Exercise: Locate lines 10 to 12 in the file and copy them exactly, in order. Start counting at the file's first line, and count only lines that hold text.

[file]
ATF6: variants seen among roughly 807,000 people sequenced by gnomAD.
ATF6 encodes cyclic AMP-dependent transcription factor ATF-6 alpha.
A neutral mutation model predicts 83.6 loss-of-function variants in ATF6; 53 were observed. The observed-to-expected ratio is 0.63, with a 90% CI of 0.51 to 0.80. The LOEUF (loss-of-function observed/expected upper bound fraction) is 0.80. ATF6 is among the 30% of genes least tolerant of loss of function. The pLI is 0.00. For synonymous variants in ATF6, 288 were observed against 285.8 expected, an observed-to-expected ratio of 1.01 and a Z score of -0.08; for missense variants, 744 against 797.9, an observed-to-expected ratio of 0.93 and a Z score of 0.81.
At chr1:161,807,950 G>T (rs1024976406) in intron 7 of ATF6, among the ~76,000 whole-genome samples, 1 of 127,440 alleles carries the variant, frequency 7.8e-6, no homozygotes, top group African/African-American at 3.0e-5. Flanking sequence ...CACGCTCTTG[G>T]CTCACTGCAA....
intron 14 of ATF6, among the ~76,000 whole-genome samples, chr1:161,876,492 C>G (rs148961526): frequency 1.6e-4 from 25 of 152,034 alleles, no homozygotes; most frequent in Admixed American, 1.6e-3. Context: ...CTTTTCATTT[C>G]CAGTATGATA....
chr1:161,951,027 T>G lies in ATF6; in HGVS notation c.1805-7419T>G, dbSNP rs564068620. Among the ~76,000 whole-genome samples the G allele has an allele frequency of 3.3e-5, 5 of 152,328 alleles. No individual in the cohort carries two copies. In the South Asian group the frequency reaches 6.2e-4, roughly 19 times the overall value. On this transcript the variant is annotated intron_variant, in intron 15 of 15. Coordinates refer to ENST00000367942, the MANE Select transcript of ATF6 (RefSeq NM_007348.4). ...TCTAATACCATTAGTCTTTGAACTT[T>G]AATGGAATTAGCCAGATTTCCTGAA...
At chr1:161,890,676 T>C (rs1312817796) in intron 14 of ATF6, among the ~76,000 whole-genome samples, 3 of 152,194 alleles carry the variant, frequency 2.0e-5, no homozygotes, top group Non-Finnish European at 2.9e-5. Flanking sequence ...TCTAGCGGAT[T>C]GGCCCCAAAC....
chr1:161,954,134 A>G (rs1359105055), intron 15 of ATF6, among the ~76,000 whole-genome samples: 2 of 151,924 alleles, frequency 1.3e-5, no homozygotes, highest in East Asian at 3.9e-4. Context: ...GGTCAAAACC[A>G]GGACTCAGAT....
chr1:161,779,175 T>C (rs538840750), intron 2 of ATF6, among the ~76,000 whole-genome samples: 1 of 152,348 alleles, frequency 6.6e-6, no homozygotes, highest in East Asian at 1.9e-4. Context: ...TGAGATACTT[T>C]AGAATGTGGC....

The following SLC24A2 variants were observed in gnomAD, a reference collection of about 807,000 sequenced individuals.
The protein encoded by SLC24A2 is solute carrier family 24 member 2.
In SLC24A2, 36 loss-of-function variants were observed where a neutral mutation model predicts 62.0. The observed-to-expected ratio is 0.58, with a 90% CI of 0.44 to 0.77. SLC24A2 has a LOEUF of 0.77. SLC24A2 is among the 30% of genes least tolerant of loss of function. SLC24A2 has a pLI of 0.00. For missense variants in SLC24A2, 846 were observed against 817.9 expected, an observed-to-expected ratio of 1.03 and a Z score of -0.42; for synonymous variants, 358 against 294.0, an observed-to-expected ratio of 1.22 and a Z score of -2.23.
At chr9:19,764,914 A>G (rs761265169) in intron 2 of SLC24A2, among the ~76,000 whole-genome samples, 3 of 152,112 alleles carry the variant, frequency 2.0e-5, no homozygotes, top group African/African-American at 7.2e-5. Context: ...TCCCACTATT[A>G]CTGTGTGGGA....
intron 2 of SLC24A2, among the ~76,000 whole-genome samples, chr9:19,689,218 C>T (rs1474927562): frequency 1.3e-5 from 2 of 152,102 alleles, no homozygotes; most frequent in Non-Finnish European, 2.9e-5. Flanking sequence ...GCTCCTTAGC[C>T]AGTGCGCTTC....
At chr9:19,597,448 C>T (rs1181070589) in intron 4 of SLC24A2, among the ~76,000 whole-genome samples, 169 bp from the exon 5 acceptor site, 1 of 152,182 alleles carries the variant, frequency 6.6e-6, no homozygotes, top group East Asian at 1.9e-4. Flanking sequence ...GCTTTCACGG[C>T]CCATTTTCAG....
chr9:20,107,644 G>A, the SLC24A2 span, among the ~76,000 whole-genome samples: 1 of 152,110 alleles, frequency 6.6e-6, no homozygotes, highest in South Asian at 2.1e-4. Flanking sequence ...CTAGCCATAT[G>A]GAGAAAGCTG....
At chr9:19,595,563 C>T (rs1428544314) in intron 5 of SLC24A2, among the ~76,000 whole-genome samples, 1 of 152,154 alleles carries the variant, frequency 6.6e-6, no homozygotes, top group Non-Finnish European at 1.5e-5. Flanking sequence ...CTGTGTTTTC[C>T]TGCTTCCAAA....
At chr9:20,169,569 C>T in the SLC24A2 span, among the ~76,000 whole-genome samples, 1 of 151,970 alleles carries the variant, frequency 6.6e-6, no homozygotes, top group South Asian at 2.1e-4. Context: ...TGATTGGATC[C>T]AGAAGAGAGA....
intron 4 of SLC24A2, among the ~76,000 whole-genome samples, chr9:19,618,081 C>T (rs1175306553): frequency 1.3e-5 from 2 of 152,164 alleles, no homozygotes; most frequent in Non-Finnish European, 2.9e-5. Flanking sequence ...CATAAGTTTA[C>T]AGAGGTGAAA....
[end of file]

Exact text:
The following SLC24A2 variants were observed in gnomAD, a reference collection of about 807,000 sequenced individuals.
The protein encoded by SLC24A2 is solute carrier family 24 member 2.
In SLC24A2, 36 loss-of-function variants were observed where a neutral mutation model predicts 62.0. The observed-to-expected ratio is 0.58, with a 90% CI of 0.44 to 0.77. SLC24A2 has a LOEUF of 0.77. SLC24A2 is among the 30% of genes least tolerant of loss of function. SLC24A2 has a pLI of 0.00. For missense variants in SLC24A2, 846 were observed against 817.9 expected, an observed-to-expected ratio of 1.03 and a Z score of -0.42; for synonymous variants, 358 against 294.0, an observed-to-expected ratio of 1.22 and a Z score of -2.23.